Measure to Fund City Pools Fails

Photo: The Berkeley High School warm water pool, used for therapeutic and exercise programs, will close after Measure C failed to pass.
Anna Vignet/Staff
The Berkeley High School warm water pool, used for therapeutic and exercise programs, will close after Measure C failed to pass.

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In the wake of Measure C's defeat Tuesday, some community members struggled to understand the loss, while others still held out hope for the city's recreational services.

The measure, which required a two-thirds majority to pass, gained 60.38 percent of votes, meaning pools at both Willard Middle School and Berkeley High School will close.

Willard Pool shuts down July 1 followed by the closure of the warm water pool at Berkeley High School - which, at 92 degrees Fahrenheit, is home to various exercise, therapeutic and youth programs - when the high school remodels next year, according to Scott Ferris, recreation and youth services manager for the city.

"The undemocratic nature of the two-thirds world bites us again and suppresses the majority opinion," said Councilmember Kriss Worthington. "Here, the pools got over 60 percent and yet they're still losing."

The measure would have incurred $22.5 million in bonds - which would have been used to replace the indoor warm water pool, renovate pools at Willard and West Campus Junior High School and construct an all-purpose pool at Martin Luther King Jr. Middle School - and created a special tax to repay the bonds.

JoAnn Cook, co-chair for the Berkeley Pools Campaign, said she is discouraged by the outcome of the election.

"It's a terrible loss," said Cook, who has used the warm water pool for more than 20 years. "It was pretty clear that without a miracle it was going to be a 'no', but I found it hard to hear the actual, final (verdict)."

According to Mark Numainville, deputy city clerk, the current turnout estimate of registered voters for this election is 22.6 percent - less than the 51.1 percent turnout in the March 2004 primary election, the last time there was a special election for ballot measures in the city. He said this number will probably increase once the rest of the ballots are counted.

In light of the economic downturn, Greg Harper, treasurer for the Berkeley Alliance of Neighborhood Associations, said the measure would have imposed an unbearable tax.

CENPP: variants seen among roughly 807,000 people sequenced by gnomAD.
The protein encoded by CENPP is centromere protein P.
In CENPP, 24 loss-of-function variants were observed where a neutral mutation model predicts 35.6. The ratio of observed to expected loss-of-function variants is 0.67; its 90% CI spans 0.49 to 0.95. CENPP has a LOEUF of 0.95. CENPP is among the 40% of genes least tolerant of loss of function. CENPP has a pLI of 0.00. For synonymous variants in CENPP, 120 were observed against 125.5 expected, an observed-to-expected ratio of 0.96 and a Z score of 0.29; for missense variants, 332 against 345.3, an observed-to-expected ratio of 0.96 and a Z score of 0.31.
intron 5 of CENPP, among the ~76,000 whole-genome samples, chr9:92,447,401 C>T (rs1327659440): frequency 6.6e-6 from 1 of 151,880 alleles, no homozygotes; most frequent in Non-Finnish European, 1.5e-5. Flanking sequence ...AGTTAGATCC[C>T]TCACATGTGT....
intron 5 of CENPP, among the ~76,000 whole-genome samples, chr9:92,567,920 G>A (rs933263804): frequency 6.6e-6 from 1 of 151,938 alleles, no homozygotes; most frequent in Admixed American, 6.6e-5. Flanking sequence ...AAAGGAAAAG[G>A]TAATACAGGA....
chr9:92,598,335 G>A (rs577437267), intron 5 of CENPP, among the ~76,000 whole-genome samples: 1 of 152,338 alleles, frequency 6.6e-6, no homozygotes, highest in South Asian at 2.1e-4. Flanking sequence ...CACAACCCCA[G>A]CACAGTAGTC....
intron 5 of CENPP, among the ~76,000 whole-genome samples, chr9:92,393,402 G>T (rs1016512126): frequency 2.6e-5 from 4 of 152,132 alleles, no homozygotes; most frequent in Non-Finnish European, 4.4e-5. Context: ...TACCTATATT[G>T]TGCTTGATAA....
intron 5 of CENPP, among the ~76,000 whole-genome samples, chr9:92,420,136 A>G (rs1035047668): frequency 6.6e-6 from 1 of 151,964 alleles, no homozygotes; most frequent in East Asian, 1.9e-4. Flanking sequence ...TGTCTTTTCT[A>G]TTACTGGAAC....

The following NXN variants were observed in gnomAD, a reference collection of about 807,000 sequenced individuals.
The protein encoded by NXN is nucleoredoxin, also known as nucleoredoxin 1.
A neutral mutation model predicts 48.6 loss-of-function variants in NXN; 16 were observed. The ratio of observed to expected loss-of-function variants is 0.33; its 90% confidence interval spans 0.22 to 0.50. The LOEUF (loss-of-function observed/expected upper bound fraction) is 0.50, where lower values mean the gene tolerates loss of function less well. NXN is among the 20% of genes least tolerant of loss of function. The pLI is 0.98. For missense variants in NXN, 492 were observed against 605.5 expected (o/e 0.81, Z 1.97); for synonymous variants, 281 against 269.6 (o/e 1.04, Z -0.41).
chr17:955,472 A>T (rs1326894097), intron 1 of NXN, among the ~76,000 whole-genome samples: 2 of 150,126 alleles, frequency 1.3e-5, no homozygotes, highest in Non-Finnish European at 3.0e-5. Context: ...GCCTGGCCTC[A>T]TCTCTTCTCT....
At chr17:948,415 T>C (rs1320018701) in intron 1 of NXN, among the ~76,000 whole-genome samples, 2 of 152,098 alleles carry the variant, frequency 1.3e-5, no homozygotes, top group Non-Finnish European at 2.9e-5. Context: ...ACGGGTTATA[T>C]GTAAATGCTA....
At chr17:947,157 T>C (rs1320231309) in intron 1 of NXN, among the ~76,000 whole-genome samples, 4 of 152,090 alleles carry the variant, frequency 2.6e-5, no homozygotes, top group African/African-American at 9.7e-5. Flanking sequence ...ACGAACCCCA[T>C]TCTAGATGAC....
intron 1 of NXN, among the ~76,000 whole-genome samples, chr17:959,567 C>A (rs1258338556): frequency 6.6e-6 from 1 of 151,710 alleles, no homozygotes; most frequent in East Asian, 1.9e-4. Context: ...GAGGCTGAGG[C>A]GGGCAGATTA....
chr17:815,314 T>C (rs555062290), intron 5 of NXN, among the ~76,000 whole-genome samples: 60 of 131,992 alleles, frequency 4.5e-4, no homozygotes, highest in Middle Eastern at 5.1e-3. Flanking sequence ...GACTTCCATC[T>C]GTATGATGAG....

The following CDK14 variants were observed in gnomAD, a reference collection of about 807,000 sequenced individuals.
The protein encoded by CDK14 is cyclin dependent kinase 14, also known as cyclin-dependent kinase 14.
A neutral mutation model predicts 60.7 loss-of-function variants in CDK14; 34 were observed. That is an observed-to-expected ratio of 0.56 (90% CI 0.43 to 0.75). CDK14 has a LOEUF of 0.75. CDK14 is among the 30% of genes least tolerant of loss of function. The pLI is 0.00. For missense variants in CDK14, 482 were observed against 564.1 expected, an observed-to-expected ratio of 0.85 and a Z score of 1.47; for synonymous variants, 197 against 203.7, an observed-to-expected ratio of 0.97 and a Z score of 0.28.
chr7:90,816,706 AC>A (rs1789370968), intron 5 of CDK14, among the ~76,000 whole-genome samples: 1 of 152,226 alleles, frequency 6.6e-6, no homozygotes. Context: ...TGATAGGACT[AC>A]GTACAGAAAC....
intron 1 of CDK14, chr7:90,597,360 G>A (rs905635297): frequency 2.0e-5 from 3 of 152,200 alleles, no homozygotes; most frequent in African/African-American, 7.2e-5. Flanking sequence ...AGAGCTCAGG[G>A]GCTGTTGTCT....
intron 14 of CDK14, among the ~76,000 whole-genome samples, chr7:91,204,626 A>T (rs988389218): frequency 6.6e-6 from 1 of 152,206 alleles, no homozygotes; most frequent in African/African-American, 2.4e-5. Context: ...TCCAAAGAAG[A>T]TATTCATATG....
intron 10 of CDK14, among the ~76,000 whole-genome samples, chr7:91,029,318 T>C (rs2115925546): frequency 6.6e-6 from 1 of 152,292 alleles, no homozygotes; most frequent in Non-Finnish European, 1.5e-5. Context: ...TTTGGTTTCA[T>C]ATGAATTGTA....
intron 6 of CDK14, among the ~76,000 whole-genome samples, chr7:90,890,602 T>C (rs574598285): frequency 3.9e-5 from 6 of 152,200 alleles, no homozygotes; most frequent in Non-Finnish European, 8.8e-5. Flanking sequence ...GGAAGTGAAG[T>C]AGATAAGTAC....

"The bottom line is we can't afford to do this now," he said. "You've got people losing jobs and their houses ... People thought this wasn't the time to increase taxes."

No matter the reason for the measure's defeat, Robert Collier, co-chair for the campaign, said losing the two pools will directly impact the health and well-being of many residents.

"It certainly doesn't speak well to how Berkeley treats its seniors and disabled," Collier said. "It's heartbreaking that we didn't reach the minimum two-thirds threshold."

Berkeley resident Marie Bowman, who formerly worked on various city commissions and is a member of the Berkeleyans Against Soaring TAxes (BASTA) campaign, said the measure did not pass because residents want a measure that will support recreational services for the entire population.

"While we really care about our community, we also want both a socially and financially responsible government," Bowman said. "What the results are saying to the city government is, 'Go back and take another look.'"

Despite Willard pool's set closure, Worthington said the city can still save the pool, though it will be challenging.

"We've dealt with this year after year ... but we have always managed to keep it going," he said. "I don't know if we can do that again, but I'm certainly going to try."

He added that the Berkeley City Council should consider a separate ballot measure to save the warm water pool alone or ask the Berkeley Unified School District Board of Education to delay the pool's demolition.

"There are several tracks that we need to be working on to respond to the undemocratic nature of the loss," he said. "The City Council could vote to put it on the ballot for November, but it would be 20 percent of the measure that was voted on (Tuesday)."


Stephanie Baer is an assistant news editor. Contact her at [email protected]

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